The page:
Battling Bat Disease

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white nose syndromeVERMONT - Imagine walking out your door into a swarm of insects. Flies, mosquitos, and more, buzzing around your body. No matter how much you swat at them, there are too many to control. This nightmare could become a reality without our friend in Vermont, the bat.

Bats nationwide are fighting a disease, the White-Syndrome. The disease is actually a white fungus that grows on bats noses, and causes them discomfort when they hibernate and sleep. This costs the animal valued calories, and wakes them up from their slumber early for food. Since they did not sleep through their full natural hibernation period, their food is not available yet, and starvation is right around the corner.


So far, White-Nose Syndrome has caused over 6 million deaths. Beginning in New York, the disease has flown over the country, and is now in 26 states in America. And since that estimation was taken, even more have fallen victim to the disease. Rob Mies, the executive director of the Organization for Bat Conservation, believes the number is near “10 million or more by now.”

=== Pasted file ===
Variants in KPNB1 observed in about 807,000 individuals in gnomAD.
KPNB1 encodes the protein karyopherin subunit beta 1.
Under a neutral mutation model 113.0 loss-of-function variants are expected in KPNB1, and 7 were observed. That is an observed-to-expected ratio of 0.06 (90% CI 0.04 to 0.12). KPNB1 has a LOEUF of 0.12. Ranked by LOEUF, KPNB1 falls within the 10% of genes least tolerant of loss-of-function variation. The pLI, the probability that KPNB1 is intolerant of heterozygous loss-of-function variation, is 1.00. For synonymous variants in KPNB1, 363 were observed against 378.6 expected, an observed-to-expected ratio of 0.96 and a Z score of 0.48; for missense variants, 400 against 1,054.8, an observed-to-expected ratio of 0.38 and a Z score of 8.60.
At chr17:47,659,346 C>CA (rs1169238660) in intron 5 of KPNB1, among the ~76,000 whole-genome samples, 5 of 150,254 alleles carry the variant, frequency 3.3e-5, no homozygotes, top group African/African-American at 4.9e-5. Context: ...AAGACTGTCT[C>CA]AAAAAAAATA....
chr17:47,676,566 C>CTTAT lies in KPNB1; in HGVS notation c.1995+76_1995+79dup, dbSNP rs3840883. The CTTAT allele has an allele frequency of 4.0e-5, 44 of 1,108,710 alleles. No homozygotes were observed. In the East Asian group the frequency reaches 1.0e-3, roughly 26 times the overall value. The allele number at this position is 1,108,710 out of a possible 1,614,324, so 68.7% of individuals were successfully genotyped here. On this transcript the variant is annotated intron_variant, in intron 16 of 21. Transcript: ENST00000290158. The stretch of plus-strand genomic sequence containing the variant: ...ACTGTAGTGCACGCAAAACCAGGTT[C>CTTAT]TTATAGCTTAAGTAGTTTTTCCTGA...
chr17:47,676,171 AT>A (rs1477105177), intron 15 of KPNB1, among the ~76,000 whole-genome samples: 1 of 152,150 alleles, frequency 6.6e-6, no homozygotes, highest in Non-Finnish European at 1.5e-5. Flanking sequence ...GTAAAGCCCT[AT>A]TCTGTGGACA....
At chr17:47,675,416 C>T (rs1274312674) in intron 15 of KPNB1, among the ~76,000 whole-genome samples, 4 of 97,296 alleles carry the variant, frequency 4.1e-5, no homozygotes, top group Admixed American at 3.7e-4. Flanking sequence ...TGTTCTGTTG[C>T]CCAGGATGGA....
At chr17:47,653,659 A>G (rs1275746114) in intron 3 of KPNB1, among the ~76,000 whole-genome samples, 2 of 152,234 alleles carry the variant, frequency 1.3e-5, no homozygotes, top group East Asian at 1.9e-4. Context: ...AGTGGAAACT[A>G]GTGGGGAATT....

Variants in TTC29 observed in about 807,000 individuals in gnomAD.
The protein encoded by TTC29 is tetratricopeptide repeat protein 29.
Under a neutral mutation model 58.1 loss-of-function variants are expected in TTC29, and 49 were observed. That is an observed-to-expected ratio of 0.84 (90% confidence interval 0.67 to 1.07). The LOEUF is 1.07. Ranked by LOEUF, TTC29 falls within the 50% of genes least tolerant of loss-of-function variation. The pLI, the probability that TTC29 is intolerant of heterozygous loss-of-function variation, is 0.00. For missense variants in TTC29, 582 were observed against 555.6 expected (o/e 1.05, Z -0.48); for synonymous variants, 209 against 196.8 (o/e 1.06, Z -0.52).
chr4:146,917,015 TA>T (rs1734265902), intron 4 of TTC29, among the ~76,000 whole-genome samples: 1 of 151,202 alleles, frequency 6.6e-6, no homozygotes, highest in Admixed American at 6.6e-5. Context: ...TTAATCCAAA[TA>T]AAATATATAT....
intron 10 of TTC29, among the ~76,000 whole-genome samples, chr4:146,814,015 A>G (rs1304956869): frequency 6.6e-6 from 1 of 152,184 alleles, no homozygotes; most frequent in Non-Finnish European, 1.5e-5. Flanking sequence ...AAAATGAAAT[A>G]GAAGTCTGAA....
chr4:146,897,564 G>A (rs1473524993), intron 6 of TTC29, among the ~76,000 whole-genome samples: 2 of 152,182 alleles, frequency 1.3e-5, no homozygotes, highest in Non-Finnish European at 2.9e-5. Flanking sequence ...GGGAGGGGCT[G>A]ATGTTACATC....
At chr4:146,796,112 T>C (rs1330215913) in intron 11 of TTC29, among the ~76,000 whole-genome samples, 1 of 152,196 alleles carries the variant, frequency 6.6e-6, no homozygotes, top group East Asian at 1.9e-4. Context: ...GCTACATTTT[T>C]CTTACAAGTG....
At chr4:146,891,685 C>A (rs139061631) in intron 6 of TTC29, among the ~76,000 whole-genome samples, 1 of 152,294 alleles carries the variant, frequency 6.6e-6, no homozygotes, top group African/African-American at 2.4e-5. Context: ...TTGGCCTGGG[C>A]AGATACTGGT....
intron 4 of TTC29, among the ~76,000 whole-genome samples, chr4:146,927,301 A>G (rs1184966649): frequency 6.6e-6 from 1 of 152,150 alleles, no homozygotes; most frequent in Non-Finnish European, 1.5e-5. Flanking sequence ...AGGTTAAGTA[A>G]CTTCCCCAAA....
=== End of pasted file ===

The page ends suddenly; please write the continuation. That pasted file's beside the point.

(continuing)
Scott Darling from the Vermont Fish and Wildlife Department says there are two species in the state that are affected by the disease. The Little Brown Bat and the Northern Long-Eared Bat have both fallen victim to the fungus, and scientists have been monitoring them for years, researching ways to help.


The Little Brown Bat is actually doing better in Vermont, compared to other states. Recent findings show that the bat population is stabilizing at 150,000 bats, and no longer dying off. “They are remaining stable,” Darling shares. “And at least for now, their decline has kind of ended.” There is a lot of ground to make up to get back to their original population of 600,000 bats statewide, but there is hope for the species.


The Northern Long-Eared Bat, however, is not doing quite so well. “We’ve probably lost over 90 percent of them,” Darling says. “It used to be our second most common bat, and now it’s our rarest.”


Sadly, the population is still declining. “We are doing all we can do reduce any other kinds of mortality for the bats. We are waiting to hear from research nationwide on treatments, whether it be vaccines or sprays...whatever they find.”

In the meantime, Darling encourages those who see bats in the wild to report their sightings to the Vermont Fish and Wildlife Department, or if there are bats in their home, to use the tips on their website to learn how to eradicate them safely without causing harm to the animal.